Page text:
As a speaker you are responsible for being at an event and making a presentation at the right time, on the right day on the right subject. That’s something you can do with planning. Because time planning for presenters is a priority. So to help out, we have five pointers for how to manage your time as a presenter.
First of all, you have time to plan. You must give yourself the time to plan your presentation. Don’t be rushed. You might need several days, or perhaps weeks to get your presentation just right.
Next you want to plan for the time available. If it’s a 10 minute presentation, then aim for a 10 minute presentation. Also remember your time allowance for questions. Sound timekeeping is essential. So, if your audience expects a 10 minute presentation, then deliver it.
Whether it’s a Board room presentation, an agency pitch or a conference room address you owe it to the organisers and the audience to start and finish on time. There are exceptions, of course. We have a case study, in the blog of a Baroness Scotland speech where she missed her timings.
This shouldn’t be problematic, since you have already rehearsed, and dress rehearsed. You know your lines and you know the subject. And, you aim to hit the right time, 10 minutes for example. So, then you must actually, run to time. Keep the flow going, keep up and hit the time marker.
Here are all the pointers in summary.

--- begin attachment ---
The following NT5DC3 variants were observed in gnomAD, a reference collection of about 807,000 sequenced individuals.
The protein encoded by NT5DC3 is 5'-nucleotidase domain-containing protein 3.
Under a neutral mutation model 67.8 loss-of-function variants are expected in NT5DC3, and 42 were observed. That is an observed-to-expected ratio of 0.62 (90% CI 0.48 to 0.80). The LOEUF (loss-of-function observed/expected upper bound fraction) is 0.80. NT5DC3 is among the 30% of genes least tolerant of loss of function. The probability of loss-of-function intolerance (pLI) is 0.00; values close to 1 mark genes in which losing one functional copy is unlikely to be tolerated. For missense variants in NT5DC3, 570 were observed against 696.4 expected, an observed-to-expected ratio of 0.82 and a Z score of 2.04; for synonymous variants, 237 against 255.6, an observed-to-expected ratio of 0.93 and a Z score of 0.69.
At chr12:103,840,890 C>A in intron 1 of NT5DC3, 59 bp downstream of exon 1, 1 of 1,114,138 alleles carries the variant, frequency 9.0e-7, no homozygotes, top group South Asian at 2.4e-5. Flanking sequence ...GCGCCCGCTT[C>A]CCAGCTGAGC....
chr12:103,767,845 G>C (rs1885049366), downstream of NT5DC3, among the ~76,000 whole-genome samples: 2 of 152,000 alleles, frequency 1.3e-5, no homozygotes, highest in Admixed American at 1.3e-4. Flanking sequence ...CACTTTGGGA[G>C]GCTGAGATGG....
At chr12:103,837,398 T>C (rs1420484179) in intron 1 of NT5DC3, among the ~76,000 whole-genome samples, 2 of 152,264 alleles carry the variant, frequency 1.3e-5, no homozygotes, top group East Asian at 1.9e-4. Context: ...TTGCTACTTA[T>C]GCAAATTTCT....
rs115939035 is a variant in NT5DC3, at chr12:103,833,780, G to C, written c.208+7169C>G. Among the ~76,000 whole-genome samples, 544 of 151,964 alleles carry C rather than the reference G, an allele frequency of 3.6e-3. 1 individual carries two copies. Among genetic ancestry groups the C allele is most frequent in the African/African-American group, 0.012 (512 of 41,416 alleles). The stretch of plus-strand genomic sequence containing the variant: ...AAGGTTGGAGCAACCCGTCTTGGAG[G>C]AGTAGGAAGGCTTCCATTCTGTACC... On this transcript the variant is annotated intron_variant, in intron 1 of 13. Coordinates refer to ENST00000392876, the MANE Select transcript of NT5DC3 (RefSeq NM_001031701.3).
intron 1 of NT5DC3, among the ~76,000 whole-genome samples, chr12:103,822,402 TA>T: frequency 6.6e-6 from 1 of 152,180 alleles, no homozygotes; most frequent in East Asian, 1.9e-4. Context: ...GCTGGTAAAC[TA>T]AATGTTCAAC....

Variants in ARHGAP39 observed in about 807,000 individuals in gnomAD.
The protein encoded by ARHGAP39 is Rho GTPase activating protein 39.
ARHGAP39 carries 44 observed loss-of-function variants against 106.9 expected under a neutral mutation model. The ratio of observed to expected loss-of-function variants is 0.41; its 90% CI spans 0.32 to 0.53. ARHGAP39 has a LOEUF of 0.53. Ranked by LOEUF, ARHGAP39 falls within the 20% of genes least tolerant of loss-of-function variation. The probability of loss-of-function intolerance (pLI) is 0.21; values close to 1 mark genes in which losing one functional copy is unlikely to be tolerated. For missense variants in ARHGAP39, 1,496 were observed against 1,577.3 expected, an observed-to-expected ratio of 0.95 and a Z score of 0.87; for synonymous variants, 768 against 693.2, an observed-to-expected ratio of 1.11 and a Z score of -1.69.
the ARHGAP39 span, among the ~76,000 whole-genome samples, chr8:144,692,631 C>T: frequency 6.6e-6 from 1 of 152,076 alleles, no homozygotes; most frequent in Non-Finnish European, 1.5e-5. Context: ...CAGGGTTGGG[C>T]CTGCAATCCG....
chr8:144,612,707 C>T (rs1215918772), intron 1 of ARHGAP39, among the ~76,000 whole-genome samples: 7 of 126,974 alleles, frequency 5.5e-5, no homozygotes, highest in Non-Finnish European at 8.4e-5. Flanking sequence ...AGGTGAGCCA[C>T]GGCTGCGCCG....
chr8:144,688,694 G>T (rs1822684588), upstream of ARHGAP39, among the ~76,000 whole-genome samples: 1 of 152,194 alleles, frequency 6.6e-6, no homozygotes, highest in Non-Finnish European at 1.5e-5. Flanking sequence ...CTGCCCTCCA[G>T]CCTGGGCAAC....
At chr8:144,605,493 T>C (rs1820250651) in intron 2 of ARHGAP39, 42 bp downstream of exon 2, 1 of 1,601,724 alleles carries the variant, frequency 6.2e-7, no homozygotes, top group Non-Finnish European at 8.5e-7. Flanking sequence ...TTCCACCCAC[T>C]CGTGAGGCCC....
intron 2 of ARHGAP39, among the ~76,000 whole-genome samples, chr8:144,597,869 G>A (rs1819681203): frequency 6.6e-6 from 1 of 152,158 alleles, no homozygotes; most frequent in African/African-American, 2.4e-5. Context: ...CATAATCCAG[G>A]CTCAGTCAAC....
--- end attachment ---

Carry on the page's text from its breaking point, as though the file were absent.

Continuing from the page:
You’ve ticked off the first three in the list. So, what’s next? The next challenge is typically when you start late because of an untoward delay earlier in the event. If an earlier speaker over runs their allotted time or, if the Board room discussion goes on longer than planned. In such circumstances you have to speak with the organisers very smartly. You have to know your options. So, will lunch be delayed by 15 minutes, if you stick to time? Or, should you run for 25 minutes and not the planned 40 minutes? Alternatively, does the organiser want you to make up time?
You should consider all these scenarios. And if the organiser wants you to save some time, then you have to be prepared to do so. And then aim to do so without losing the purpose of your presentation. If you have an acceptance speech and you have only seconds available, then you need to be ready. It’s a raw situation. But it’s a situation that is replayed every day somewhere in the UK. Your content editing skills might need to be used very quickly. This is presentation planning quick time.
As a last note you have to consider the scenario where the organiser asks you to fill a conference agenda for longer than initially planned.
This might not seem as arduous as it first appears. However, you should always plan for tangent time. This is the time that you feel can be given over to explore some content in more detail. That is, if you sense that the audience requires it. If your content clearly works with the audience you might have the opportunity to go into more detail than you had previously anticipated.
So if you have some tangent time prepared then you should be able to work this into your main presentation. Thus you meet the organiser’s needs.
Time planning for presenters is key, and these five pointers should help with your next presentation. You can learn more about time planning for presenters on a PresentPerfectTM training course.
“All my possessions for a moment of time.”